I mentioned earlier that ski boat manufacturers have gone away from using wood in their stringers, floors, and seat backs. But for a long time, that was the industry standard. When your stringers suffer from rot, and/or delaminate from the hull, they need to be replaced. It seems like the decision of what to replace the stringers with should be easy, replace them with what they were made of in the first place. For example, in my boat I replaced the main stringers using 2x10 fir. The secondaries I used 1x6 pine.
It isn't that simple. I contemplated using other materials to build the stringers. What comes to mind first was to enlarge the stringers themselves and encase a foam core in fiberglass, similar to how some boats are built today. Other folks have come up with a variety of materials that would occupy the same space as the original stringers but are more lightweight, stronger, or whatever. Another option is the pourable stringer using a compound that would just be poured into the cavity left where the wood stringers were removed leaving the fiberglass shell in tact.
In the end I decided that my boat was twenty years old. It made it that long with the manufacturer using wood stringers. The guys who had it before me smashed it into a rock at high speed and stored it outside without so much as a tarp for cover. If I rebuilt the boat using the same stringer system it was guaranteed at least another twenty years of service.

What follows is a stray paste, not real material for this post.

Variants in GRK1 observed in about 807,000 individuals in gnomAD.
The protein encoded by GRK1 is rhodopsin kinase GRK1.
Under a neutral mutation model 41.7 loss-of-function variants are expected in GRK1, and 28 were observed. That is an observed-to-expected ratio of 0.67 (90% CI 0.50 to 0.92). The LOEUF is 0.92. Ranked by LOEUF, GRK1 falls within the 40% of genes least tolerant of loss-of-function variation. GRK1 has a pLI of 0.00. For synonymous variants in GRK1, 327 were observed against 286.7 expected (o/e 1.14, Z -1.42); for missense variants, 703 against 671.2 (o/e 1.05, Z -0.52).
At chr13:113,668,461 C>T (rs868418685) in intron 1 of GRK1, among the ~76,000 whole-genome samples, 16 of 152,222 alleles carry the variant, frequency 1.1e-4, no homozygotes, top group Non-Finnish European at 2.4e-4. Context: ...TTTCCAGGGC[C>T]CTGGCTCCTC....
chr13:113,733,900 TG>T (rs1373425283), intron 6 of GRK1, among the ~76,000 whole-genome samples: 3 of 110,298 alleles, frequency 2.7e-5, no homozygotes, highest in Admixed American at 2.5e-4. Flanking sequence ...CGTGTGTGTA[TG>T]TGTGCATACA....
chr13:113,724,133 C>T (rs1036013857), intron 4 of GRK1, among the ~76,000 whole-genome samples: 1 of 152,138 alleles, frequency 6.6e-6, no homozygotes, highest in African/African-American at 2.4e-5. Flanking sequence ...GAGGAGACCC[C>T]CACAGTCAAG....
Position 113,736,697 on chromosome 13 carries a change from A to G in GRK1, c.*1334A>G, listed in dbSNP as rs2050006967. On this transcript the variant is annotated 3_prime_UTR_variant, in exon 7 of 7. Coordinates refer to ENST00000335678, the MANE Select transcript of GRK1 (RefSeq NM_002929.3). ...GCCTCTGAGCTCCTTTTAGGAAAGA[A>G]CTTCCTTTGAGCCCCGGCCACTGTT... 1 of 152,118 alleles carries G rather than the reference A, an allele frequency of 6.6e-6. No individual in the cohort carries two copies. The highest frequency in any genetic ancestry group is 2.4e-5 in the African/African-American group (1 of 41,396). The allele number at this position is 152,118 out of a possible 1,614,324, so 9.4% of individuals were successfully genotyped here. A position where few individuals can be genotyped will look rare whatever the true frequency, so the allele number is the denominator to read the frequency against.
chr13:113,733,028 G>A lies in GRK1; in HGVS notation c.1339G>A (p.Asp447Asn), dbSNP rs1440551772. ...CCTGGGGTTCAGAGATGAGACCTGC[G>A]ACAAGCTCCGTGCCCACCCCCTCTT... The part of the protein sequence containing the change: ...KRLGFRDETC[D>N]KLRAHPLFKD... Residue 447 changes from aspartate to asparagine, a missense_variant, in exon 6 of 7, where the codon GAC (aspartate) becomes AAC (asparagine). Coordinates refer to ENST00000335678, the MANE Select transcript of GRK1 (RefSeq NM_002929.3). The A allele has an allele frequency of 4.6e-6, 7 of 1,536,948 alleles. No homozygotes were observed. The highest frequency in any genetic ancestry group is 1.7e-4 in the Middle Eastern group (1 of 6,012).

You have to decide how you plan to rebuild your stringer system before you make the first cut. I started with the main stringers, removing one at a time. Then building a new stringer, laminating, installing, and fine tuning the dimensions. That is one technique. It it also possible to remove all of the stringers first. Then build new stringers and dry fit the entire new assembly before laminating and installing them into the boat. Again, you need to decide what road you plan to follow.
The front of my stringers were separated from the hull leaving a big gap. I started cutting at the exposed end of the stringer (bilge side of the stringer). When I cut beyond the point where the stringers were now touching the hull I could feel when the saw blade was in that pocket between the stringer, the hull, and the bilge. I chased that pocket all the way to the back of the boat. The main stringers were held together with a cross brace in the stern. I cut it away. I followed the same technique on the other side of the stringer. There were a few places where I had to cut away small perpendicular ribs that connected to the stringer. Like I said earlier, I had to switch tools a few times.
When the stringer is cut free it comes out with some twisting force. Remaining in the hull is a channel with a fillet on each side where the stringer used to be. Against the hull are the remnants of where fiberglass was starting to fail from moisture. I used an angle grinder to grind down the channel to where it was even with the hull. At the stern, the stringer was bonded to the boat. That had to be cut away and ground down. This was very hard because of some odd curves and blocks that were precisely in the way. Next, I ran an orbital sander over the length of the stringer using 80 grit sand paper. I finished by vacuuming and wiping the repair area clean with acetone.
It is difficult to see in this pic, but on the right side the main stringer is removed. You can just make out the outline of where it belongs. On the left side of the pic is the lateral rib that had to be cut away from the stringer. I repeated this process on the left side once I replaced this stringer.